The Longevity Paradox Book Summary - The Longevity Paradox Book explained in key points
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The Longevity Paradox summary

Steven Gundry

How to Die Young at a Ripe Old Age

4.6 (252 ratings)
25 mins
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    The Longevity Paradox
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    Key idea 1 of 8

    People are living longer but not healthier lives.

    Have you ever experienced one of those strange days in which the sky seems split in two – blue and sunny in one half, dark and grey in the other? Well, when you’re looking at the longevity of people living in Western societies, that’s one way you could picture the current state of affairs.

    On the bright side, the average person’s life span has significantly increased over the past five decades. For example, from 1960 to 2013, it went from 66.4 to 76.4 years for the average American man, and from 73.1 to 81.1 years for the average American woman.

    But on the dark side, there are some ominous clouds brewing. In the past three years, the lengthening of the average American life span has not only stalled; it’s actually declined a bit. More troubling still, the previous increase in people’s life spans has not been accompanied by a corresponding increase in their health spans – the number of years in which their bodies and minds remain fully functional.

    In the US, most people’s health begins to deteriorate at the age of 50.9. From that point onward, the myriad problems of aging begin to kick in: muscle loss, obesity, osteoporosis, arthritis, heart disease, cancer, memory loss, dementia – the list goes on and on. So while people have more years to live than their ancestors, they lack the vitality to actually enjoy them.

    That’s because the general increase in the average life span isn’t really the result of an improvement in people’s underlying health; rather, it’s the result of an improvement in the prevention and mitigation of certain diseases and health problems. Thanks to vaccines, antibiotics and improved hygiene practices, people are no longer being prematurely killed en masse by infectious diseases. Those diseases used to be especially devastating to young children, whose early deaths drove down the average life span. Meanwhile, thanks to a range of medical treatments, drugs and procedures such as bypass surgeries, people can be kept alive longer than before, despite poor health.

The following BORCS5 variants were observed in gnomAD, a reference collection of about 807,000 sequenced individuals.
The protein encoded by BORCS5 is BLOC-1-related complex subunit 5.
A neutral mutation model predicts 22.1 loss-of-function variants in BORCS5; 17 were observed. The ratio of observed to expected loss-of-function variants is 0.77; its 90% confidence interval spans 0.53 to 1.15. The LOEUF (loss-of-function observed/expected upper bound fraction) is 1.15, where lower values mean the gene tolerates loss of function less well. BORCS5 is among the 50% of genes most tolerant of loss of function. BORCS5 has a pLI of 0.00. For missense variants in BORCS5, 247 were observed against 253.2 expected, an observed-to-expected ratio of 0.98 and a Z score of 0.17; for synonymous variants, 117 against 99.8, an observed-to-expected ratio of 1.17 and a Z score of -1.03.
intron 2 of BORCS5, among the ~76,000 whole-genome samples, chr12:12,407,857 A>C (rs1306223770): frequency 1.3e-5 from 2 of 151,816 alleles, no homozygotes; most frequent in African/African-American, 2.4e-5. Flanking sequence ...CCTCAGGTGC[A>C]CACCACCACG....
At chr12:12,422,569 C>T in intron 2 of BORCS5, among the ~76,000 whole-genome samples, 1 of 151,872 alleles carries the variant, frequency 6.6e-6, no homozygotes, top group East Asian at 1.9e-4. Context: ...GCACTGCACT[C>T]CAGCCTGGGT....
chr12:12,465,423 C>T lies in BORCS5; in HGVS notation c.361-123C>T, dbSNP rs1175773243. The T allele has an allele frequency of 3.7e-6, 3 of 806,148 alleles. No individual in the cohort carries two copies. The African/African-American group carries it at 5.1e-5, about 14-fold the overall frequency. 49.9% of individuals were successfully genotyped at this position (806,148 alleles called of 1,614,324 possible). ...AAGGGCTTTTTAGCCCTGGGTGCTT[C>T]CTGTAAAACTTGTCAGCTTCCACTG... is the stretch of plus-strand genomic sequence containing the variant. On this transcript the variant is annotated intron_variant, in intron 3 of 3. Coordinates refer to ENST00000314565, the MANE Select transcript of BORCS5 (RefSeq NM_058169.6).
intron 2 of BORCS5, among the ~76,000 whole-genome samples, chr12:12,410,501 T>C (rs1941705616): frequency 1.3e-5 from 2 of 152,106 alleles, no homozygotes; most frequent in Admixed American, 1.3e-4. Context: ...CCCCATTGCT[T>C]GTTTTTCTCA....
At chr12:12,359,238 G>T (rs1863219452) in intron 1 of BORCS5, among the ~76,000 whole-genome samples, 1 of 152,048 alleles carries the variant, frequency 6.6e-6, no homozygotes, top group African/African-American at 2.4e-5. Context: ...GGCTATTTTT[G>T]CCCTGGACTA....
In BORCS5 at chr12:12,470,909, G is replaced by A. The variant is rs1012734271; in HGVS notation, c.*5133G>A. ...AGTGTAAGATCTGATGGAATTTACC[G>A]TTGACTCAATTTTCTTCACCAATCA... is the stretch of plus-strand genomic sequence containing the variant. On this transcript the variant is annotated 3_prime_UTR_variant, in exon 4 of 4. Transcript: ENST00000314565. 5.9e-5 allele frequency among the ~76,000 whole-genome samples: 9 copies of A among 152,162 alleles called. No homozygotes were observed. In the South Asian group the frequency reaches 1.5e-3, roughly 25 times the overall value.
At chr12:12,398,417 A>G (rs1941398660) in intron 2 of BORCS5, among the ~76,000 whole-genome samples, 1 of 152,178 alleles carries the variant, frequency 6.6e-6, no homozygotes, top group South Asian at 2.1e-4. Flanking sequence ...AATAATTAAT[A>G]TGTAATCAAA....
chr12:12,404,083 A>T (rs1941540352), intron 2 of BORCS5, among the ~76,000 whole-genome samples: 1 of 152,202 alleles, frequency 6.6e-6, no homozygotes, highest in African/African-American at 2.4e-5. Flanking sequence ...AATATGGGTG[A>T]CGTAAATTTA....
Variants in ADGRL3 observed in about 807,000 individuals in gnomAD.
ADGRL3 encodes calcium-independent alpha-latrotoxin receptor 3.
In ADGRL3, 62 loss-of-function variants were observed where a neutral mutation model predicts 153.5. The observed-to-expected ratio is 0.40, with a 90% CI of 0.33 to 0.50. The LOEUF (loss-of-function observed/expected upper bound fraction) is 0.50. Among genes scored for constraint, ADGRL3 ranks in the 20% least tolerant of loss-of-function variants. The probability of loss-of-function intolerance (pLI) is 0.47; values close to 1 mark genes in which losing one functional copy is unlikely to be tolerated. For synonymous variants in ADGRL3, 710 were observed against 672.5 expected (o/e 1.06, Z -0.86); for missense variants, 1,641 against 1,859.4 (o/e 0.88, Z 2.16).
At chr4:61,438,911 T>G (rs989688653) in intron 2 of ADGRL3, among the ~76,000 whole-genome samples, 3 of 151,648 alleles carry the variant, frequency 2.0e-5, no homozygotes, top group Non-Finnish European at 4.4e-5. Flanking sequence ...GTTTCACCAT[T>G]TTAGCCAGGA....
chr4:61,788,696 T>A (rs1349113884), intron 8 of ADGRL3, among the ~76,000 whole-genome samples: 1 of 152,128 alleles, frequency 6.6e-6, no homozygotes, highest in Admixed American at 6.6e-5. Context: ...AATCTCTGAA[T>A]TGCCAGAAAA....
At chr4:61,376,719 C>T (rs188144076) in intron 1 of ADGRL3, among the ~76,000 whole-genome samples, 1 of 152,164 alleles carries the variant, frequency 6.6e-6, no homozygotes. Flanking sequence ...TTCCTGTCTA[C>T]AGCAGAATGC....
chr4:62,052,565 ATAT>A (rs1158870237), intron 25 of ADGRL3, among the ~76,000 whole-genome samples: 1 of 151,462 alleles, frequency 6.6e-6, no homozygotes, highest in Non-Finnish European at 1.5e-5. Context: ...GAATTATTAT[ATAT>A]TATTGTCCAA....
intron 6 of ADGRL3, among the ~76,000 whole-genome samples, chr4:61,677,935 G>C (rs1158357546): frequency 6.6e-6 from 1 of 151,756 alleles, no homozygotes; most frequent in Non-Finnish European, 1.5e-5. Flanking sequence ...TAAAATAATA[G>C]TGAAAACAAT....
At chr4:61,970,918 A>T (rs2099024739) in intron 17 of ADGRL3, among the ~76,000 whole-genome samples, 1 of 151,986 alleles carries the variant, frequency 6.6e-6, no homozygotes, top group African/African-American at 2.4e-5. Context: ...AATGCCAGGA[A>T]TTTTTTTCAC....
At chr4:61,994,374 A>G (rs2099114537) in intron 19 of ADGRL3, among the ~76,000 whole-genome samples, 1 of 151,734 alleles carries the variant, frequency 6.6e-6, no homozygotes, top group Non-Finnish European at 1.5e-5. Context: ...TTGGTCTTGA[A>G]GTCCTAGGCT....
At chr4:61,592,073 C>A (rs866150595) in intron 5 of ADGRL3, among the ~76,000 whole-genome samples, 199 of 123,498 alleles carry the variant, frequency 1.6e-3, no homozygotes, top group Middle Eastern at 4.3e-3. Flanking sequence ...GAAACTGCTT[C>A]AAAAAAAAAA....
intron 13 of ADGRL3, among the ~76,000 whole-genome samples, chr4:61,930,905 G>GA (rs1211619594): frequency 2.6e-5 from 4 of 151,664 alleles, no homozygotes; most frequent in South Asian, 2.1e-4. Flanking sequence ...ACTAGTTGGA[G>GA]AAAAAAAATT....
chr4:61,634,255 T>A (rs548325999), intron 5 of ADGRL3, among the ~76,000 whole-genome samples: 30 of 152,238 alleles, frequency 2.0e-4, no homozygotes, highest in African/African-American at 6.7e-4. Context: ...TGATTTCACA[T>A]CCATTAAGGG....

But what’s responsible for that poor health in the first place? Well, you’ve probably heard the main answer many times: the unhealthiness of the standard Western diet and lifestyle, which are notoriously full of junk food and inactivity. But some of the main reasons why your diet and lifestyle choices are negatively affecting your health may come as a surprise to you.

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    What is The Longevity Paradox about?

    The Longevity Paradox (2019) looks at three of the most crucial factors behind aging well: our gut bacteria, our gut walls and our mitochondria. By helping us to understand the roles these factors play in our health, and by showing us some powerful strategies we can adopt to support them, the author points us toward long and healthy lives.

    Who should read The Longevity Paradox?

    • Young people wanting to avoid the problems that often accompany aging  
    • Older people wanting to escape those problems
    • Anyone interested in alternative medical views

    About the Author

    Dr. Steven Gundry founded and runs the International Heart and Lung Institute and the Center for Restorative Medicine, where he conducts independent medical research and clinical practice. He was formerly a professor at the University of Maryland School of Medicine and the Loma Linda University School of Medicine. He is the author of the New York Times bestselling books The Plant Paradox and The Plant Paradox Cookbook.

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